The sign is perceived as resembling or imitating the object it refers to (such as a fork on a sign by the road indicating a rest stop). An icon thus "resembles" to its object. It shares a character or an aspect with it, which allows for it to be interpreted as a sign even if the object does not exist. It signifies essentially on the basis of its "ground."
For an index to signify, its relation to the object is crucial. The representamen is directly connected in some way (physically or casually) to the object it denotes (smoke coming from a building is an index of fire). Hence, an index refers to the object because it is really affected or modified by it, and thus may stand as a trace of the existence of the object.
The representamen does not resemble the object signified but is fundamentally conventional, so that the signifying relationship must be learned and agreed upon (such as the word “cat”). A symbol thus denotes, primarily, by virtue of its interpretant. Its action (semeiosis) is ruled by a convention, a more or less systematic set of associations that guarantees its interpretation, independently of any resemblance or any material relation with its object.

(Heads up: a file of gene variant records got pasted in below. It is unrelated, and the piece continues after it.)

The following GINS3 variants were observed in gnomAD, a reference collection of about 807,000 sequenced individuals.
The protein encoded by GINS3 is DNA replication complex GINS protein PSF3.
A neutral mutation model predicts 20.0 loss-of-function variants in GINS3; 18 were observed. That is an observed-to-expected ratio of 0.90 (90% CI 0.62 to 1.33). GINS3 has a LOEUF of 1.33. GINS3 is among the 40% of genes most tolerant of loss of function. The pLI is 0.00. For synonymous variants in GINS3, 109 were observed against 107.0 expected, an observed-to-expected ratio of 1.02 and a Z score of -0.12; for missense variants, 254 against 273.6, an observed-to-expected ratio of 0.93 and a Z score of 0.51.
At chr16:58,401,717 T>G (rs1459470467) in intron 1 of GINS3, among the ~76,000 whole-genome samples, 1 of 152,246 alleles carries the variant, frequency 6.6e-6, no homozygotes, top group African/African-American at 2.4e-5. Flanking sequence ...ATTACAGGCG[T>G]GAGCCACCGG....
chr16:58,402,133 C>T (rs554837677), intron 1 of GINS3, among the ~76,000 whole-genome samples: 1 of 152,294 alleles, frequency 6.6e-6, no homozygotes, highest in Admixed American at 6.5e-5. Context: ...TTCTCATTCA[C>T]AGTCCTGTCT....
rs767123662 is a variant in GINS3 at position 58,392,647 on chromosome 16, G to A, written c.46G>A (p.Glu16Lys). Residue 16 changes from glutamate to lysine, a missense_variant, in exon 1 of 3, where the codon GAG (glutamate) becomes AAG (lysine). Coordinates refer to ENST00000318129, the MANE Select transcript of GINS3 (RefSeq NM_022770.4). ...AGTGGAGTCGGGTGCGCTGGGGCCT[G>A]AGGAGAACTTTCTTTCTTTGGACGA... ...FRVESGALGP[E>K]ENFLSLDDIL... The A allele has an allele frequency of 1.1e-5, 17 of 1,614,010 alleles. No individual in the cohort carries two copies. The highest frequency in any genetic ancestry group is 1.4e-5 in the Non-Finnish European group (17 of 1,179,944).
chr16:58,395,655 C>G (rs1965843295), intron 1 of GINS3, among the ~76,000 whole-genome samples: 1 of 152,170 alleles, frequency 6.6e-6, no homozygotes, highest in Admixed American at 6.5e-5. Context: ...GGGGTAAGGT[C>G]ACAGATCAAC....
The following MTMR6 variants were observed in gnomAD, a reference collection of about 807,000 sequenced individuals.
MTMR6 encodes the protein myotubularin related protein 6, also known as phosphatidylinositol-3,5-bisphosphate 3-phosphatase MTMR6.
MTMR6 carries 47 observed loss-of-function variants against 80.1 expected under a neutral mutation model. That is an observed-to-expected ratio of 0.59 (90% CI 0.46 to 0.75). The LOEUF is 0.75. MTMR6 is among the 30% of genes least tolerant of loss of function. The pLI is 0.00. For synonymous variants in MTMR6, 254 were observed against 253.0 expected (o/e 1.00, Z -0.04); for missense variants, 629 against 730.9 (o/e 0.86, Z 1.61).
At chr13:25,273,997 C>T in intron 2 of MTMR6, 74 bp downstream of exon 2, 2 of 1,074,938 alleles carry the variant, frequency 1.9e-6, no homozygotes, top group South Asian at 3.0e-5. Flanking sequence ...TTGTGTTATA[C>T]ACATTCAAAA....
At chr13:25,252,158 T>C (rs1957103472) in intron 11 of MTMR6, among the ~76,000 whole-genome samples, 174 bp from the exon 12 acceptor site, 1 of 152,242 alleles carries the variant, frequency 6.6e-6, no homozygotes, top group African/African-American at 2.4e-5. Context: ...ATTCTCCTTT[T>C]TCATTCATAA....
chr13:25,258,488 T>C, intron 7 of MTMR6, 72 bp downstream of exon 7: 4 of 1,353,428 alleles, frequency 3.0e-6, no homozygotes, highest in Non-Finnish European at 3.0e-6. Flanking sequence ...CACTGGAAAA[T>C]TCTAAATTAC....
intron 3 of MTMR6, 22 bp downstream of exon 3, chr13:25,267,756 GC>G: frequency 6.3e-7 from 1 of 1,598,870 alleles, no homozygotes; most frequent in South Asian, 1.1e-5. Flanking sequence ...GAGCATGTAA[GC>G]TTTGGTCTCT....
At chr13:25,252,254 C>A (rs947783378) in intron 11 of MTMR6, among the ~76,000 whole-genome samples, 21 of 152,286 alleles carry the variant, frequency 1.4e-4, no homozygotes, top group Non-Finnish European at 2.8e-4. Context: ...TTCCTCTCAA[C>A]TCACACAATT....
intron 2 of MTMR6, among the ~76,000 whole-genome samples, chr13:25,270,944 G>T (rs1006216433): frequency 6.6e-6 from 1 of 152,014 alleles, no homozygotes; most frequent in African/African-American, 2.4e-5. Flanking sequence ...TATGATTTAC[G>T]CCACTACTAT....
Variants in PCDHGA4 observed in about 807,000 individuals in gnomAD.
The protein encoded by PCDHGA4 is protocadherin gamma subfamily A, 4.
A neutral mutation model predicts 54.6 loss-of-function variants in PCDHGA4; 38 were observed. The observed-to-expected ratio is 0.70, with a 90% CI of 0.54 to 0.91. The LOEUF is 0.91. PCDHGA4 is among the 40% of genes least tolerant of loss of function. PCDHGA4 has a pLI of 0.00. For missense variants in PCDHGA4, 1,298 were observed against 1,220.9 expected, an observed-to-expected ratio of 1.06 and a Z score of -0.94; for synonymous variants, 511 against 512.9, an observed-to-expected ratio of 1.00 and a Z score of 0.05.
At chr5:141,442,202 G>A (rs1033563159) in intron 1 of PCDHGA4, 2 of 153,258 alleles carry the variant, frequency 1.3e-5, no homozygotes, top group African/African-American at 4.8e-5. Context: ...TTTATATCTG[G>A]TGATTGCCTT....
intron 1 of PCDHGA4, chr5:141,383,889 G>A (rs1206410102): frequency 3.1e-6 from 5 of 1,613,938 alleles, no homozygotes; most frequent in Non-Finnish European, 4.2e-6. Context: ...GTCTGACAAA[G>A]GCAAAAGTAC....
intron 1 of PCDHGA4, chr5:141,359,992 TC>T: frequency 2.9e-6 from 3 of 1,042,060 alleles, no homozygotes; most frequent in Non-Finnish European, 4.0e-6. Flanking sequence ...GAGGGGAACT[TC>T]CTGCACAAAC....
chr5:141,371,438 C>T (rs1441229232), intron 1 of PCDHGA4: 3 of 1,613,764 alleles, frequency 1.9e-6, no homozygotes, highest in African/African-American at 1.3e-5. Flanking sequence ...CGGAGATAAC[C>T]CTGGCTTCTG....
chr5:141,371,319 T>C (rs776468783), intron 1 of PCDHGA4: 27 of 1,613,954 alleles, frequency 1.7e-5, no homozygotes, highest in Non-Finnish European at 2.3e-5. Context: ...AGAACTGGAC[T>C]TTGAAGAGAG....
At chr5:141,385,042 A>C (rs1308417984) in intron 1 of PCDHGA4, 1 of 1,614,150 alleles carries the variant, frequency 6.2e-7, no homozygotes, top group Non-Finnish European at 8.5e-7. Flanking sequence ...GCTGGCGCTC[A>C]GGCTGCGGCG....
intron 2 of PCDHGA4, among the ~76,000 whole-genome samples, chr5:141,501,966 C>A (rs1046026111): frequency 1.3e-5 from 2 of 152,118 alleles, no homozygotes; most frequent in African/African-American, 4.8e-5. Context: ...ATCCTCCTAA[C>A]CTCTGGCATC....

Peirce extracted the pragmatic model or theory of inquiry from its raw materials in classical logic and refined it in parallel with the early development of symbolic logic to address problems about the nature of scientific reasoning. Borrowing a brace of concepts from Aristotle, Peirce examined three fundamental modes of reasoning that play a role in inquiry, processes that are currently known as abductive, deductive, and inductive inference.